Best wishes

  16. Oh, I also meant to ask, do you have any details on those sci-fi podcasts? The stories sound fascinating. I have occasionally had to numb the dullness of a particularly dull section with music but would prefer something a bit more cerebral occasionally!

  17. Chris Elliott says:

    Well done Ruth on completing the Wales coastal path. You’ll soon be in Scotland! I’m currently approaching Oban and will give you a more detailed update when I finish for the year at the end of September. All the best. Chris Elliott

  18. babsandnancy says:

    Congratulations for finishing Wales, keeping us all entertained and managing to fit so many extra miles in. Do you reckon you’ll get to Scotland this year?

    • Here’s hoping I’ll reach the border soon, but it depends on the weather 😀
      And I’m in no hurry really.
      But I do feel Scotland is weighing on my mind, and I know I’ll feel better once I’ve tackled a section.

  19. theresagreen says:

    Huge congratulations on completing the Wales Coast Path and thank you for all the information and insights into places and features therof, both familiar and otherwise. An inspiration to women that walk alone or that aspire to do so. Looking forward to your next stretch that I’m barely acquainted with at all. Looking forward to reading the book too!

  20. Marie Keates says:

    Well done! What a shame there was no bench or sign though. I think the problem is the people who make these paths and trails are not actually walkers so they don’t realise how welcome a bench is and how useful a sign is. Despite the tedium at the end it looked like a good walk and I loved all the bridges, especially the blue one.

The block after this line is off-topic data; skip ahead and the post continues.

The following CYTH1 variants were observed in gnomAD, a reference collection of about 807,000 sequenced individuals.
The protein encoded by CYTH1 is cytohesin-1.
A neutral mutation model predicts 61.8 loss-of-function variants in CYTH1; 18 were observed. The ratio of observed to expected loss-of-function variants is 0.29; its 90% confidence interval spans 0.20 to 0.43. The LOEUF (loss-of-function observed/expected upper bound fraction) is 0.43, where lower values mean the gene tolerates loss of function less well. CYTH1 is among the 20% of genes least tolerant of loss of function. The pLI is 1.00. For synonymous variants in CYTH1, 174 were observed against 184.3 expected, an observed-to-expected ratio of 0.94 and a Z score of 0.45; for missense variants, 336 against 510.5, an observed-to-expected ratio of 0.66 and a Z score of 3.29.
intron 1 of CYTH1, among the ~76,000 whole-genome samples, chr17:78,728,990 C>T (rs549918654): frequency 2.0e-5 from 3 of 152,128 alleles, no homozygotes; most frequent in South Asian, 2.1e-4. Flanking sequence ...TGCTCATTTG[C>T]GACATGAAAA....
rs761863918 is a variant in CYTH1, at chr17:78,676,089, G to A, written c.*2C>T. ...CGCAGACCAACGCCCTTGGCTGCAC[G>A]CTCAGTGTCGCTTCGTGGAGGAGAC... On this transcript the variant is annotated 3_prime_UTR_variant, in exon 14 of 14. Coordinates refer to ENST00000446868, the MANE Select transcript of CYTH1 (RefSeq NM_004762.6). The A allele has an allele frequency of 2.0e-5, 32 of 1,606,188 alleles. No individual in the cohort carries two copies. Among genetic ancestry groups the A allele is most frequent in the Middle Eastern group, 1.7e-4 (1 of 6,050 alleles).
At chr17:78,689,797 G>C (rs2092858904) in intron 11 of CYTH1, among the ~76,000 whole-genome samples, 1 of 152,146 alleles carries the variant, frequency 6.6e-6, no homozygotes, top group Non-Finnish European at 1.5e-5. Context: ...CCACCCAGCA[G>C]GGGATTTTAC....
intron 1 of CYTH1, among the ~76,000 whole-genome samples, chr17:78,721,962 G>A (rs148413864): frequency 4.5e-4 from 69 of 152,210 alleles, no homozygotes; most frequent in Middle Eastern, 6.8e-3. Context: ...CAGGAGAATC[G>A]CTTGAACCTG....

21. Margaret Wyatt says:

    Hi Ruth, still reading your blog to ‘see what Ruth did’ before we head out along the coast. This time we have 5 days of walking along the Wirral and across to Liverpool and beyond starting at the Welsh border so your blog has been so useful. I’ve been reading it out whilst husband follows if on the map spread out across the bed in the Premier Inn in Birkenhead, an ideal location for bus, train and ferry.

    • I hope you both like The Wirral, Margaret. I really enjoyed it, and it was an area I’d never been to before. If you can, I would advise talking the time to walk out to Hilbre Island, because that was one of my more memorable moments in Wirral. Just make sure you check the tide times before you set out, and you WILL get your feet wet, so choose footwear accordingly. I’m a big fan of Premier Inns too!